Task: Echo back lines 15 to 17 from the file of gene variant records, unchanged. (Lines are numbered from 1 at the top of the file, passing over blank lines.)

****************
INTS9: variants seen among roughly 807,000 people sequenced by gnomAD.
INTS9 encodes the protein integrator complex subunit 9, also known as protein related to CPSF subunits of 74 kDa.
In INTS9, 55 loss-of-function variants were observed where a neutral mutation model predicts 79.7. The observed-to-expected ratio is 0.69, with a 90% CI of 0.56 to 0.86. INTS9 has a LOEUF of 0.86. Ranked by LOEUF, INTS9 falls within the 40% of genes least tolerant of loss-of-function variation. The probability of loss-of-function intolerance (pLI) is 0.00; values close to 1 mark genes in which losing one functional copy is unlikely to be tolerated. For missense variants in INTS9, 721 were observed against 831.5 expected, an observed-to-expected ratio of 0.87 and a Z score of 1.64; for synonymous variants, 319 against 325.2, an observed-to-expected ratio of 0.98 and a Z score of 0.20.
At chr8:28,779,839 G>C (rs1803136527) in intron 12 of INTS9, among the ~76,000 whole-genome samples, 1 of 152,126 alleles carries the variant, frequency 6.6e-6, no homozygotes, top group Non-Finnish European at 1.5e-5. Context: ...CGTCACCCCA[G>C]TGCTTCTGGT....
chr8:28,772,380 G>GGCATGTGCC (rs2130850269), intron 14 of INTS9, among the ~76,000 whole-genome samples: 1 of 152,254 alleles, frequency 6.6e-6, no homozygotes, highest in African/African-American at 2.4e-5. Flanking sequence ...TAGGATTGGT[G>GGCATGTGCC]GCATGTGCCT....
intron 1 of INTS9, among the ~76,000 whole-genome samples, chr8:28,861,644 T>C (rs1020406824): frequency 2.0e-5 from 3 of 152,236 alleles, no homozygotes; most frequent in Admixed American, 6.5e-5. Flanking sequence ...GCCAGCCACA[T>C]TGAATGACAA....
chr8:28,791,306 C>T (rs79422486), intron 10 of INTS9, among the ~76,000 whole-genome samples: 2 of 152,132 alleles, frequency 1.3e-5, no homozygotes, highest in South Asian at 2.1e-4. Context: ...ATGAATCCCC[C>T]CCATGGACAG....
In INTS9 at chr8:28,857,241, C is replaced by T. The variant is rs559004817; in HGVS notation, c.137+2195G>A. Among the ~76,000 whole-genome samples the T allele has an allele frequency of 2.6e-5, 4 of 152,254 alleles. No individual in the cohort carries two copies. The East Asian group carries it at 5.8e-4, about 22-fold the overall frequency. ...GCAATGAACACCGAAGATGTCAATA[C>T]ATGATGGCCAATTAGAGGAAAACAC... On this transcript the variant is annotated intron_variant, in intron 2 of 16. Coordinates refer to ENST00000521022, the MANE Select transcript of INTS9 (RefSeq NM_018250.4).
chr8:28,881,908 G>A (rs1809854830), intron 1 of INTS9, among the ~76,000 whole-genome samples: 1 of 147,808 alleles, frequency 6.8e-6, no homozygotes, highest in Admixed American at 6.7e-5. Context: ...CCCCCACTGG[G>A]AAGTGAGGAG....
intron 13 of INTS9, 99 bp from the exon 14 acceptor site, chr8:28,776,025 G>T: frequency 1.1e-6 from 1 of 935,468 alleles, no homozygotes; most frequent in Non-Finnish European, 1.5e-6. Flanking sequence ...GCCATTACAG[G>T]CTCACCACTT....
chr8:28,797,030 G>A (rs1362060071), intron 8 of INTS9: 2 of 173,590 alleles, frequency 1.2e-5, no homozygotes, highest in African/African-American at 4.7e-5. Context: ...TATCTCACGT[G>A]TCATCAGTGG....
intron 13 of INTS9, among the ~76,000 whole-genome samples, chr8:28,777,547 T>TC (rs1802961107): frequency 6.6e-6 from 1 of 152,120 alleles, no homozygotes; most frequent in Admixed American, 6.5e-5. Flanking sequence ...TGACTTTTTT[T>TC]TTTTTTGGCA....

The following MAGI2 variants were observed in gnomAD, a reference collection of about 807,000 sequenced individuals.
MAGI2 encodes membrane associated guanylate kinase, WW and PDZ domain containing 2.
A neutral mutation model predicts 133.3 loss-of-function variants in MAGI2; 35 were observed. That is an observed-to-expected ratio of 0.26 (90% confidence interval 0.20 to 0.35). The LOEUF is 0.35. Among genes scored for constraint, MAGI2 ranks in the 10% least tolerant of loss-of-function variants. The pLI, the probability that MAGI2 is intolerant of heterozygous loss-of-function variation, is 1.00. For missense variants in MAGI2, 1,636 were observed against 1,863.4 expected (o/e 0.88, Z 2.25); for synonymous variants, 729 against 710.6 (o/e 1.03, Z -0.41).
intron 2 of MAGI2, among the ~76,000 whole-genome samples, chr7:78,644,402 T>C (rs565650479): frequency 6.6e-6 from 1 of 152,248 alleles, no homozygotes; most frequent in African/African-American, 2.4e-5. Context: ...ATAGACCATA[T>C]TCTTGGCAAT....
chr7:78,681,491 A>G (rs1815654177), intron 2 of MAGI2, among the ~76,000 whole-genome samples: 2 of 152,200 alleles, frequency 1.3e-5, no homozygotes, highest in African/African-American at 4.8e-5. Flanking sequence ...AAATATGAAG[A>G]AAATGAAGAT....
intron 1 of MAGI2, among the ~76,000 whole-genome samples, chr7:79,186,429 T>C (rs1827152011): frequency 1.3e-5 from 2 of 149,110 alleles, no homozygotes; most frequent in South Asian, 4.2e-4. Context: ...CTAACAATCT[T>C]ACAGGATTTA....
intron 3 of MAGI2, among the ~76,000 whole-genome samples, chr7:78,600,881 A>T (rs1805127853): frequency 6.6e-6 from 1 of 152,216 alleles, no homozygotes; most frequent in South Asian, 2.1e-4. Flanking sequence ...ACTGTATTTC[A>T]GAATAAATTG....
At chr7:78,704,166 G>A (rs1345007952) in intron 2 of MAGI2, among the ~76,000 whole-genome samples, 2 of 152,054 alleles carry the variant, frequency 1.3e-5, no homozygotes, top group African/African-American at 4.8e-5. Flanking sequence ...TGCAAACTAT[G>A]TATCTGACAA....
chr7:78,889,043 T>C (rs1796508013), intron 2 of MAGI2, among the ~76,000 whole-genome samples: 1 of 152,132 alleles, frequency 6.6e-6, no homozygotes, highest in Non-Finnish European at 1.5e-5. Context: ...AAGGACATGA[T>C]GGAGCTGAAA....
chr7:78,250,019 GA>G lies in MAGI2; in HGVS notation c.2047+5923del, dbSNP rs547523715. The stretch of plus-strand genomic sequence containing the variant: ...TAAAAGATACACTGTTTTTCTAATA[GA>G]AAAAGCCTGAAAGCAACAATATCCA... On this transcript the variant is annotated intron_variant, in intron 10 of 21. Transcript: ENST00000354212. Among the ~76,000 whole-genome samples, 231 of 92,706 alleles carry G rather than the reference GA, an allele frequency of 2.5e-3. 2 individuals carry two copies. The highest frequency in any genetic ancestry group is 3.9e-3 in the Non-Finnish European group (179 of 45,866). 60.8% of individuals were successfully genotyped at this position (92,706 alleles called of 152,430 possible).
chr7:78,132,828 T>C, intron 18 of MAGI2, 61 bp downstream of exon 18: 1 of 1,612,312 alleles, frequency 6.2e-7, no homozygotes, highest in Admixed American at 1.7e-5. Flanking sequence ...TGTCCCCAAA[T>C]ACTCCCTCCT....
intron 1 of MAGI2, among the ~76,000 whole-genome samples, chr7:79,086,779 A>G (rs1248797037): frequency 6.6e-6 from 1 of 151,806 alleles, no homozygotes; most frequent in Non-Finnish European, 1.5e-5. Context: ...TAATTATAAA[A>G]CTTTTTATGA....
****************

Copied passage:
A neutral mutation model predicts 133.3 loss-of-function variants in MAGI2; 35 were observed. That is an observed-to-expected ratio of 0.26 (90% confidence interval 0.20 to 0.35). The LOEUF is 0.35. Among genes scored for constraint, MAGI2 ranks in the 10% least tolerant of loss-of-function variants. The pLI, the probability that MAGI2 is intolerant of heterozygous loss-of-function variation, is 1.00. For missense variants in MAGI2, 1,636 were observed against 1,863.4 expected (o/e 0.88, Z 2.25); for synonymous variants, 729 against 710.6 (o/e 1.03, Z -0.41).
intron 2 of MAGI2, among the ~76,000 whole-genome samples, chr7:78,644,402 T>C (rs565650479): frequency 6.6e-6 from 1 of 152,248 alleles, no homozygotes; most frequent in African/African-American, 2.4e-5. Context: ...ATAGACCATA[T>C]TCTTGGCAAT....
chr7:78,681,491 A>G (rs1815654177), intron 2 of MAGI2, among the ~76,000 whole-genome samples: 2 of 152,200 alleles, frequency 1.3e-5, no homozygotes, highest in African/African-American at 4.8e-5. Flanking sequence ...AAATATGAAG[A>G]AAATGAAGAT....